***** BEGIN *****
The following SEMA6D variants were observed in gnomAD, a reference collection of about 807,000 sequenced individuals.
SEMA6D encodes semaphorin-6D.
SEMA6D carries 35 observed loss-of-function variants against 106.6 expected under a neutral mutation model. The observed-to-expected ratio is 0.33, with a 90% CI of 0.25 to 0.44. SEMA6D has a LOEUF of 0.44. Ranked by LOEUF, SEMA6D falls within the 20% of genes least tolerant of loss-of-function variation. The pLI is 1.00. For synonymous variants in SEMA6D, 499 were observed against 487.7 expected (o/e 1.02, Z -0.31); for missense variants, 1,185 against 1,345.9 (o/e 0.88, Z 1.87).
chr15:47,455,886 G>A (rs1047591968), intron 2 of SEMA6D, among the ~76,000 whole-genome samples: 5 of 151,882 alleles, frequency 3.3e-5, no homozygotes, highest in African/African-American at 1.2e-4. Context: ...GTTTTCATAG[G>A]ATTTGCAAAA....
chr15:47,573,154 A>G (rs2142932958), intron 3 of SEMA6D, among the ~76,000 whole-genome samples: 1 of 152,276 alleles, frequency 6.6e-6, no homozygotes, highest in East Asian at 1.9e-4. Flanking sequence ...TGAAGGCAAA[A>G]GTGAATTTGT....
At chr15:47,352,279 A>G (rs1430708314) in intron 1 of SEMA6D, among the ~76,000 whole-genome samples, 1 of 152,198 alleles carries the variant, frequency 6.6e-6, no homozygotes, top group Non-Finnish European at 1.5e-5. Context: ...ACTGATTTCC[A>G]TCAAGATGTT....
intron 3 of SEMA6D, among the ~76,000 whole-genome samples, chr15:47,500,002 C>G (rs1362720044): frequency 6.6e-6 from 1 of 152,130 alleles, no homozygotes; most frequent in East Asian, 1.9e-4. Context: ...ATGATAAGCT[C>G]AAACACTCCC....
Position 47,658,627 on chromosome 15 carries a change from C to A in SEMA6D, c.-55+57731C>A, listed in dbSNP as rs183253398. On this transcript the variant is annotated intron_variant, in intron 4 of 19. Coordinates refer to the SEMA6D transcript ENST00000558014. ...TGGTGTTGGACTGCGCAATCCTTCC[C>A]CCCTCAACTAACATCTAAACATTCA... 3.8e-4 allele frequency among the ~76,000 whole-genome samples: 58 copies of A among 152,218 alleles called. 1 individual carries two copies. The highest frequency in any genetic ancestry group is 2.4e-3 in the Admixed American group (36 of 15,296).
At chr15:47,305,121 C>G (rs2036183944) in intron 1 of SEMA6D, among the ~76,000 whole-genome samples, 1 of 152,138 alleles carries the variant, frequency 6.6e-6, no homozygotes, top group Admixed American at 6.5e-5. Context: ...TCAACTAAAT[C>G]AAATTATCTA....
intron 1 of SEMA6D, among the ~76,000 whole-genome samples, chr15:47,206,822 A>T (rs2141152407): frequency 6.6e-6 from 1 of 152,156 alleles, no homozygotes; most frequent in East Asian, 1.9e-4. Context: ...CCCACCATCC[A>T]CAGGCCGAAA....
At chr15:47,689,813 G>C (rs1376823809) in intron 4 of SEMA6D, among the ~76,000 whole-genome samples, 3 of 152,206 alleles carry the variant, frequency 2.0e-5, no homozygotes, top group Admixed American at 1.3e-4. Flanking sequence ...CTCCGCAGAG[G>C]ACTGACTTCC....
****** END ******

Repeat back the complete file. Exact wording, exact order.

The following SEMA6D variants were observed in gnomAD, a reference collection of about 807,000 sequenced individuals.
SEMA6D encodes semaphorin-6D.
SEMA6D carries 35 observed loss-of-function variants against 106.6 expected under a neutral mutation model. The observed-to-expected ratio is 0.33, with a 90% CI of 0.25 to 0.44. SEMA6D has a LOEUF of 0.44. Ranked by LOEUF, SEMA6D falls within the 20% of genes least tolerant of loss-of-function variation. The pLI is 1.00. For synonymous variants in SEMA6D, 499 were observed against 487.7 expected (o/e 1.02, Z -0.31); for missense variants, 1,185 against 1,345.9 (o/e 0.88, Z 1.87).
chr15:47,455,886 G>A (rs1047591968), intron 2 of SEMA6D, among the ~76,000 whole-genome samples: 5 of 151,882 alleles, frequency 3.3e-5, no homozygotes, highest in African/African-American at 1.2e-4. Context: ...GTTTTCATAG[G>A]ATTTGCAAAA....
chr15:47,573,154 A>G (rs2142932958), intron 3 of SEMA6D, among the ~76,000 whole-genome samples: 1 of 152,276 alleles, frequency 6.6e-6, no homozygotes, highest in East Asian at 1.9e-4. Flanking sequence ...TGAAGGCAAA[A>G]GTGAATTTGT....
At chr15:47,352,279 A>G (rs1430708314) in intron 1 of SEMA6D, among the ~76,000 whole-genome samples, 1 of 152,198 alleles carries the variant, frequency 6.6e-6, no homozygotes, top group Non-Finnish European at 1.5e-5. Context: ...ACTGATTTCC[A>G]TCAAGATGTT....
intron 3 of SEMA6D, among the ~76,000 whole-genome samples, chr15:47,500,002 C>G (rs1362720044): frequency 6.6e-6 from 1 of 152,130 alleles, no homozygotes; most frequent in East Asian, 1.9e-4. Context: ...ATGATAAGCT[C>G]AAACACTCCC....
Position 47,658,627 on chromosome 15 carries a change from C to A in SEMA6D, c.-55+57731C>A, listed in dbSNP as rs183253398. On this transcript the variant is annotated intron_variant, in intron 4 of 19. Coordinates refer to the SEMA6D transcript ENST00000558014. ...TGGTGTTGGACTGCGCAATCCTTCC[C>A]CCCTCAACTAACATCTAAACATTCA... 3.8e-4 allele frequency among the ~76,000 whole-genome samples: 58 copies of A among 152,218 alleles called. 1 individual carries two copies. The highest frequency in any genetic ancestry group is 2.4e-3 in the Admixed American group (36 of 15,296).
At chr15:47,305,121 C>G (rs2036183944) in intron 1 of SEMA6D, among the ~76,000 whole-genome samples, 1 of 152,138 alleles carries the variant, frequency 6.6e-6, no homozygotes, top group Admixed American at 6.5e-5. Context: ...TCAACTAAAT[C>G]AAATTATCTA....
intron 1 of SEMA6D, among the ~76,000 whole-genome samples, chr15:47,206,822 A>T (rs2141152407): frequency 6.6e-6 from 1 of 152,156 alleles, no homozygotes; most frequent in East Asian, 1.9e-4. Context: ...CCCACCATCC[A>T]CAGGCCGAAA....
At chr15:47,689,813 G>C (rs1376823809) in intron 4 of SEMA6D, among the ~76,000 whole-genome samples, 3 of 152,206 alleles carry the variant, frequency 2.0e-5, no homozygotes, top group Admixed American at 1.3e-4. Flanking sequence ...CTCCGCAGAG[G>C]ACTGACTTCC....